U.S. News

EPA inspector general opens new probe into Pruitt's travels

WASHINGTON (Reuters) - The Environmental Protection Agency’s inspector general will investigate agency Administrator Scott Pruitt’s use of his official security detail on recent personal trips, the latest in a string of congressional, White House and internal probes into his spending on security and travel.

FILE PHOTO: Environmental Protection Agency Administrator Scott Pruitt speaks during an interview at his office in Washington, U.S., July 10, 2017. REUTERS/Yuri Gripas/File Photo

The investigation comes at the request of Democratic Senator Sheldon Whitehouse, he announced on Thursday, a month after he asked Inspector General Arthur Elkins to look into Pruitt’s “unprecedented use” of his taxpayer-funded security detail documented in six weeks of obtained schedules and travel logs.

“While I consider matters of personal security to be extremely serious, personal security should never be used as a pretext to obtain special treatment,” Whitehouse said.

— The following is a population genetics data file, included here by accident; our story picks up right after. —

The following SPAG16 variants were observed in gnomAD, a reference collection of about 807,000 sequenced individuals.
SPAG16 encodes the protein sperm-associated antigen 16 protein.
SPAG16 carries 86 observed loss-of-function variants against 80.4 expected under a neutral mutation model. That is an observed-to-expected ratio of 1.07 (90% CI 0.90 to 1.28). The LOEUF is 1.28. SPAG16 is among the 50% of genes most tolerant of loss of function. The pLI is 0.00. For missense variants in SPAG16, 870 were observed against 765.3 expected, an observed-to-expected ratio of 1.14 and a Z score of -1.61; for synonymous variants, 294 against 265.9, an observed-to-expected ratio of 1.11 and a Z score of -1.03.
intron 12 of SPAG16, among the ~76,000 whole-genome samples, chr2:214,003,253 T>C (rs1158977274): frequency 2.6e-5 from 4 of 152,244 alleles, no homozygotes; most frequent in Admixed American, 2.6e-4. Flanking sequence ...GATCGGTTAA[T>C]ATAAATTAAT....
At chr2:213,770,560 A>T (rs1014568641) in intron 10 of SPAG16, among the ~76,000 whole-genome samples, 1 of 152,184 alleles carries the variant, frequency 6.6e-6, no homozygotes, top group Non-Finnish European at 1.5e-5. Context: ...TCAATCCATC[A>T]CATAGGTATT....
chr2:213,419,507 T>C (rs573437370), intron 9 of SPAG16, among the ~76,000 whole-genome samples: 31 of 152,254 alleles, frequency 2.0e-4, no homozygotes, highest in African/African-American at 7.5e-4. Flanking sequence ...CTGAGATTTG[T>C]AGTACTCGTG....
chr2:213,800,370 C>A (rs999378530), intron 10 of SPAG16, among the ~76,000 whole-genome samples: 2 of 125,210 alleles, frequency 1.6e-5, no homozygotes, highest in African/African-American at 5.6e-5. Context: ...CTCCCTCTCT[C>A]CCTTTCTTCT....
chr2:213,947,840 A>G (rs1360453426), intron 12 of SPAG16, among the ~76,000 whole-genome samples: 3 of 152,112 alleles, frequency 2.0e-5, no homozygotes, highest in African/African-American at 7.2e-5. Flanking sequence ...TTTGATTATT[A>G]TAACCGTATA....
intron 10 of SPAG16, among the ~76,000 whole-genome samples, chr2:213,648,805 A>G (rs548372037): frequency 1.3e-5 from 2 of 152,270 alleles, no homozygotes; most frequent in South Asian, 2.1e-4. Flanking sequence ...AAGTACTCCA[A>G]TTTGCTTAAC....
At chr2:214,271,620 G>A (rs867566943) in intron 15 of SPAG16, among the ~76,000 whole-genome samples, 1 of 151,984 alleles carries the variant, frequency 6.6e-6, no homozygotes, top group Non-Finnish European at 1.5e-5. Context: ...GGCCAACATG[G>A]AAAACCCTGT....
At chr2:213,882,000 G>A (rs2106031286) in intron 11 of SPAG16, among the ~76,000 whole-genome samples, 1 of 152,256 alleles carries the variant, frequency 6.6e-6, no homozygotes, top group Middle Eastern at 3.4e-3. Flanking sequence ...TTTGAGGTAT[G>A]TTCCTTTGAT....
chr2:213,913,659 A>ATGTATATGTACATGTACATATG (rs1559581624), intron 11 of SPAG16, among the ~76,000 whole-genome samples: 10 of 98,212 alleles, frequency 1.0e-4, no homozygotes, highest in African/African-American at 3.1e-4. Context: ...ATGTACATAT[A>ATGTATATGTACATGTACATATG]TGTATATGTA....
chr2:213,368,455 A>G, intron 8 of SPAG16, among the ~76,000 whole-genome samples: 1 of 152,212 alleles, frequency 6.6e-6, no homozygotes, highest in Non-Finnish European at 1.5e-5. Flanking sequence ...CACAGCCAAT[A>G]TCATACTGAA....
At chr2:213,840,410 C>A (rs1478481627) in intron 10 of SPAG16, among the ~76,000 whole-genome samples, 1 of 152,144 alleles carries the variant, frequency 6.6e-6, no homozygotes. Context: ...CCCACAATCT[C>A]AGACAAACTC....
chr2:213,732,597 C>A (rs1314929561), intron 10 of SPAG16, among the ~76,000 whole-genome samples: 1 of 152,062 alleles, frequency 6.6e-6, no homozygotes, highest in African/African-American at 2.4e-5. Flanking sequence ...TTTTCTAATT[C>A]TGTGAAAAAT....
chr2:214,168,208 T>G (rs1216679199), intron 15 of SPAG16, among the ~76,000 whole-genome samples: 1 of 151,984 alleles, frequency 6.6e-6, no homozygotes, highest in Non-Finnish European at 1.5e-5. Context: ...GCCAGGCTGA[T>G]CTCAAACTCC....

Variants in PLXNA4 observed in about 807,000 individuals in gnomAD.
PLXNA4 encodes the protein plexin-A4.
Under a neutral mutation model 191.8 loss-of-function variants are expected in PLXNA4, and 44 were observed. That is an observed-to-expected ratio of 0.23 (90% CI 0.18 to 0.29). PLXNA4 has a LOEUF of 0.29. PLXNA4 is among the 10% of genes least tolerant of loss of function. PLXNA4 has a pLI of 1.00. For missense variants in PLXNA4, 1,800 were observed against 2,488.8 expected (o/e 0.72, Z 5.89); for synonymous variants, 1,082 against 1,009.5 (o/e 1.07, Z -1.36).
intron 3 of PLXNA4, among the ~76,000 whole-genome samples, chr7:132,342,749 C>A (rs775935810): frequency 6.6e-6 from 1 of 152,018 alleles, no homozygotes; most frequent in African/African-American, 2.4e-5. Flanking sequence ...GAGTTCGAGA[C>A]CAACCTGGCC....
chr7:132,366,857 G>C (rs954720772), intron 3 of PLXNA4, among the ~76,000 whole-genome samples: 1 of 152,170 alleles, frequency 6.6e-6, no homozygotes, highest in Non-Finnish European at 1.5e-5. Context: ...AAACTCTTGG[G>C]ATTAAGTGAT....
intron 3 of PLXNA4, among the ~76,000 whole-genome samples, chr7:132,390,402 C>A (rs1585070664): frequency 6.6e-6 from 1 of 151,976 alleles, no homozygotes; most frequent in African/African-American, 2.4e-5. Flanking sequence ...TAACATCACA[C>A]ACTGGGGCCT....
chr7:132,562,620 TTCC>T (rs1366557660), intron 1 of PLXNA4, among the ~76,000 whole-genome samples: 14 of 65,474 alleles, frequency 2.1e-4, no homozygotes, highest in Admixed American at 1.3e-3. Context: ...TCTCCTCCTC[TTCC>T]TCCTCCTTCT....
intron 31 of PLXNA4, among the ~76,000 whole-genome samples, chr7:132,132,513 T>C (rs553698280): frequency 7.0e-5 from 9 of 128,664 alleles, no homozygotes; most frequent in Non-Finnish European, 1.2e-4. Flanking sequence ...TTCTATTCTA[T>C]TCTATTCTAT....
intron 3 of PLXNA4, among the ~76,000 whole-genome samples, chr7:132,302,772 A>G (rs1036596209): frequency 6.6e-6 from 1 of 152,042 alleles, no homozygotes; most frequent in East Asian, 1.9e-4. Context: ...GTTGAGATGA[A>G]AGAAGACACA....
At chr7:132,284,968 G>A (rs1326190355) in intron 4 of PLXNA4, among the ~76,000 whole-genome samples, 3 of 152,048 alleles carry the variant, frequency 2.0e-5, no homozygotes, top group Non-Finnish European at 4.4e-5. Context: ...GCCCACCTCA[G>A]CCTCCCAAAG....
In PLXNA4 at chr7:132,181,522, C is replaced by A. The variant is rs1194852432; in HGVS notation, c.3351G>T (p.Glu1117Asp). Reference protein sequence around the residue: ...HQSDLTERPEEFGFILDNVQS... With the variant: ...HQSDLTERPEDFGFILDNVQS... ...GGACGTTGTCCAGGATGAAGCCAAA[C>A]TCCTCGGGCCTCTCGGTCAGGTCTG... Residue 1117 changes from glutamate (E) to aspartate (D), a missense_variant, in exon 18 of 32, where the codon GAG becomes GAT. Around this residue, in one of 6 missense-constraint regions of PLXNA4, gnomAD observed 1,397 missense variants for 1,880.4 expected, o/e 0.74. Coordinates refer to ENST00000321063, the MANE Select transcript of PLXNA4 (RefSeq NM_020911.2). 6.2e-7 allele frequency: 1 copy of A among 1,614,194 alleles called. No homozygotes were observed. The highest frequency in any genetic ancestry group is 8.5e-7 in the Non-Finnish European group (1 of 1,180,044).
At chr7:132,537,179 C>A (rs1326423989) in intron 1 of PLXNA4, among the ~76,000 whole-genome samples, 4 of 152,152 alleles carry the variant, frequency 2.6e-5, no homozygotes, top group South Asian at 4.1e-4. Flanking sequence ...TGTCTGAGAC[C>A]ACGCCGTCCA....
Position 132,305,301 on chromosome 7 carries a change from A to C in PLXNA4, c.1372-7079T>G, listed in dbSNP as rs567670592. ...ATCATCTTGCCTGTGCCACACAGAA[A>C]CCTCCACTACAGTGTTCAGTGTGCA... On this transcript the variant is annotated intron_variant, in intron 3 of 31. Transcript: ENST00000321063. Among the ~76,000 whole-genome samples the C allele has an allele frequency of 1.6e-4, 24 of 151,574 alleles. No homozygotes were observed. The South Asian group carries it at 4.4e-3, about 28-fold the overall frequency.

Destinations to which Pruitt was accompanied by his personal security detail included Disneyland, the Rose Bowl football tournament and college basketball games.

The senator also noted that Pruitt frequently requested per diem lodging expenses above the federal government’s established daily rate.

Elkins told Whitehouse in a letter saying he will launch the probe that the new review will be separate from other ongoing audits of Pruitt’s travel, which include frequent trips to his home state of Oklahoma and one to Morocco, where he promoted U.S. natural gas exports to the North African country

“We have determined that the issues raised in your letter are within the authority of the OIG to review, and we will do so,” Elkins said.

On Wednesday, White House Office of Management and Budget Director Mick Mulvaney said he would investigate Pruitt’s decision to spend $43,000 to build a private, secure phone booth for his office.

On the same day, dozens of Democratic U.S. senators called on Pruitt to resign over the allegations of ethical lapses.

The EPA chief has also come under fire for renting a room in a Washington condo owned by the wife of an energy lobbyist.

(This version of the story removes incorrect reference to price of room rental in final paragraph)

Reporting by Valerie Volcovici; editing by Jonathan Oatis